Dark days, recently.
Two of the world’s greatest landmarks went dark to pay homage to the victims of the Pittsburgh shooting at the Tree of Life synagogue on Saturday.
In Paris on Sunday night, the lights of the Eiffel Tower were gradually dimmed and then turned off in honor of the 11 victims of the Shabbat morning shooting.
In Manhattan on the same night, the lights on the iconic Empire State Building were darkened. The building emitted a faint orange halo in a nod to the color that represents gun violence prevention. Anne Hidalgo, Mayor of Paris, tweeted that the decision surrounding the tower was made to “honor the victims of the anti-Semitic attack.”
In sympathy for the victims of the attack in Pittsburgh, our tower lights will go dark tonight. Our mast will display an orange halo shining a light on gun violence awareness.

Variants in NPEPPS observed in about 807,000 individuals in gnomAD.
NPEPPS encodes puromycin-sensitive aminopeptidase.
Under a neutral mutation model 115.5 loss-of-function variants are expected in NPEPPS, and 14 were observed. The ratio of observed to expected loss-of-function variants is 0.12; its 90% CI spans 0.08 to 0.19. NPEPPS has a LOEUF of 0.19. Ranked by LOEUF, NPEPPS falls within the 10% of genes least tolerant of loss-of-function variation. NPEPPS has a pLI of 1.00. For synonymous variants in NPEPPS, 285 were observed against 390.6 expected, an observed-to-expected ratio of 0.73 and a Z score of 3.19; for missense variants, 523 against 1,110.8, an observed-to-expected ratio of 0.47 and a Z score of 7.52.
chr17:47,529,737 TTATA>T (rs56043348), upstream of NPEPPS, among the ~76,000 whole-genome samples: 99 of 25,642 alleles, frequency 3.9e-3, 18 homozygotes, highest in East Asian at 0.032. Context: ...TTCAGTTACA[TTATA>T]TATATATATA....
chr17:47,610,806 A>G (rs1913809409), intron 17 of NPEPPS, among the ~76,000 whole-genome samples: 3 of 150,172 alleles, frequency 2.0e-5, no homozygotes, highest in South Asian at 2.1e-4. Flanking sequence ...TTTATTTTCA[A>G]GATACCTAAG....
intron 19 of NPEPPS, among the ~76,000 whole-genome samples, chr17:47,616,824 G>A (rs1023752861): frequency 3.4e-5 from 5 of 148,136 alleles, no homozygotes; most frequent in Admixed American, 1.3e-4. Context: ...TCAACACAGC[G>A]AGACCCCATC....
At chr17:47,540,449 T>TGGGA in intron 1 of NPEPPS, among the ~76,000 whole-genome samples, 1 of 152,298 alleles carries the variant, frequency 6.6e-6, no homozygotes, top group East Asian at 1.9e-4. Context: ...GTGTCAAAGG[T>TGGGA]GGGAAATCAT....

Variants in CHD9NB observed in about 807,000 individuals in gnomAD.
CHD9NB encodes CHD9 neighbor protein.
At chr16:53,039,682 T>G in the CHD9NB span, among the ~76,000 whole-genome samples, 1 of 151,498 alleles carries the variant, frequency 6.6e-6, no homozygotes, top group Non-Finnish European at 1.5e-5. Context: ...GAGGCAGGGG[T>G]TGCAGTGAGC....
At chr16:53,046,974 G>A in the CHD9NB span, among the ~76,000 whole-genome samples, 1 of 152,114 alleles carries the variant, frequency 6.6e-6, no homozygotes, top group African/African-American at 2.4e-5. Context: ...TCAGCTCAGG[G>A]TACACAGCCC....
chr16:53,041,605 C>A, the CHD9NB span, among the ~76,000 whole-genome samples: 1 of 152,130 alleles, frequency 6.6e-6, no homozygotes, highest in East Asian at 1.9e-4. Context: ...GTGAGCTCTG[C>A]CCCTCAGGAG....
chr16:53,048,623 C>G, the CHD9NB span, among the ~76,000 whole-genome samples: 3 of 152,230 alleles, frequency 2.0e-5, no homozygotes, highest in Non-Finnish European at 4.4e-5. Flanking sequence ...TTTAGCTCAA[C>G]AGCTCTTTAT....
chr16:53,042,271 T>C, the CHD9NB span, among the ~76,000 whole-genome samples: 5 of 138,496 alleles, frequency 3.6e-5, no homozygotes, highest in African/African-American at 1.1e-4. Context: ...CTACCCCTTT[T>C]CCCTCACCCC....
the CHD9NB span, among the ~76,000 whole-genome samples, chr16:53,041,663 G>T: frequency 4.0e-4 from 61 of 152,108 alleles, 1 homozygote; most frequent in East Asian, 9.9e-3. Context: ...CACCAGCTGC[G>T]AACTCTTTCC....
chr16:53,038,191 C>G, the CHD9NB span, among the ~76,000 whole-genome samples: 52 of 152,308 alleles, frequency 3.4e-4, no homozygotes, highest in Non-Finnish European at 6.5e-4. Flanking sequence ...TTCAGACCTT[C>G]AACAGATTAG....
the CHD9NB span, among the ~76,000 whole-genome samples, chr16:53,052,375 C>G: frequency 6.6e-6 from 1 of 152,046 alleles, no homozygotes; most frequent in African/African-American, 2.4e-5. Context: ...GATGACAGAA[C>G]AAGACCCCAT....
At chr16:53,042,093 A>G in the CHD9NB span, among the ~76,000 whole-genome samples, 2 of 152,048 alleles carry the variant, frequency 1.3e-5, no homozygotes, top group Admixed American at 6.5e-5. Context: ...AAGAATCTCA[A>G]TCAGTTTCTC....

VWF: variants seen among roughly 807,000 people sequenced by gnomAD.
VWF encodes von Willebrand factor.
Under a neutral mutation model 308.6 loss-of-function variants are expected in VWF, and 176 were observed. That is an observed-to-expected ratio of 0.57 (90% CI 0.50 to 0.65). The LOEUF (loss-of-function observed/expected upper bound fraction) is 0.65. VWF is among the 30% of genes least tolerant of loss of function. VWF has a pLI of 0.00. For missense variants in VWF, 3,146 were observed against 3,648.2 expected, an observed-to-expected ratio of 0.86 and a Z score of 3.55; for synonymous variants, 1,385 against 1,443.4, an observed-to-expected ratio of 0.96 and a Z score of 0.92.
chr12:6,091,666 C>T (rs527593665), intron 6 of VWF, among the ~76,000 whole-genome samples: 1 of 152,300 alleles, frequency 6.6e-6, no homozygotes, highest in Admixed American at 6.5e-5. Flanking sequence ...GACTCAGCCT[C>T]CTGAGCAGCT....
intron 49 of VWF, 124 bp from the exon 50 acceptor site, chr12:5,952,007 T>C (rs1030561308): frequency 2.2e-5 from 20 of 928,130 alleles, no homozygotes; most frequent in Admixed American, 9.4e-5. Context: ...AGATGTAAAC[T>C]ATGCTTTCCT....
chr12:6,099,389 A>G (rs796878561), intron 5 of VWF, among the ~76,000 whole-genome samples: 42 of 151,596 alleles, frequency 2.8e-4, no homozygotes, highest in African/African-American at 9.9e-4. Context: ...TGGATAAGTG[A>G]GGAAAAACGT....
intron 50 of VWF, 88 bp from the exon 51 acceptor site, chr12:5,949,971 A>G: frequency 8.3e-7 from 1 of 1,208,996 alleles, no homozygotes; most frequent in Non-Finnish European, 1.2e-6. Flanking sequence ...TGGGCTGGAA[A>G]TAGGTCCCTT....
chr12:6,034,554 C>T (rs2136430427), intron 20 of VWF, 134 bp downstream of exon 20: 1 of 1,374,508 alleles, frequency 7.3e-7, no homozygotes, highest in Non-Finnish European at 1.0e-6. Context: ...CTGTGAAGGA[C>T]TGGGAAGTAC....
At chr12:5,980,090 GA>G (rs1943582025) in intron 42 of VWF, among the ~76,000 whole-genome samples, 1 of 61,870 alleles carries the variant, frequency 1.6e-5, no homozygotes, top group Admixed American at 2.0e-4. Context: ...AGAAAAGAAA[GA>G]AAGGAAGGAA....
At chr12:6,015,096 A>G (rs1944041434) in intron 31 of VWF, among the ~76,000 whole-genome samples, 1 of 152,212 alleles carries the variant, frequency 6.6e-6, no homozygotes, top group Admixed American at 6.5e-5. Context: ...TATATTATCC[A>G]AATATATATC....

?: @isardasorensen pic.twitter.com/ulKFNUTl60— Empire State Bldg (@EmpireStateBldg) October 28, 2018
On a wall of Jerusalem’s Old City, a light projection gave tribute to Pittsburgh’s Jews:
People walk past a projection on the Old City wall in Jerusalem, Sunday, Oct. 28, 2018 in a commemoration of the victims of a deadly shooting at a Pittsburgh synagogue. https://t.co/cIZIbqME25 pic.twitter.com/kIKmfoaV7U— Fox News (@FoxNews) October 28, 2018
Intentionally or not, the darkening and light effects in each tribute echo the Jewish mourning customs of kindling a light during the period of shiva, the initial seven days of bereavement. The significance of light, darkness, and candles are paramount in Jewish mourning.
Jenny Singer is the deputy lifestyle editor for the Forward. You can reach her at Singer@forward.com or on Twitter @jeanvaljenny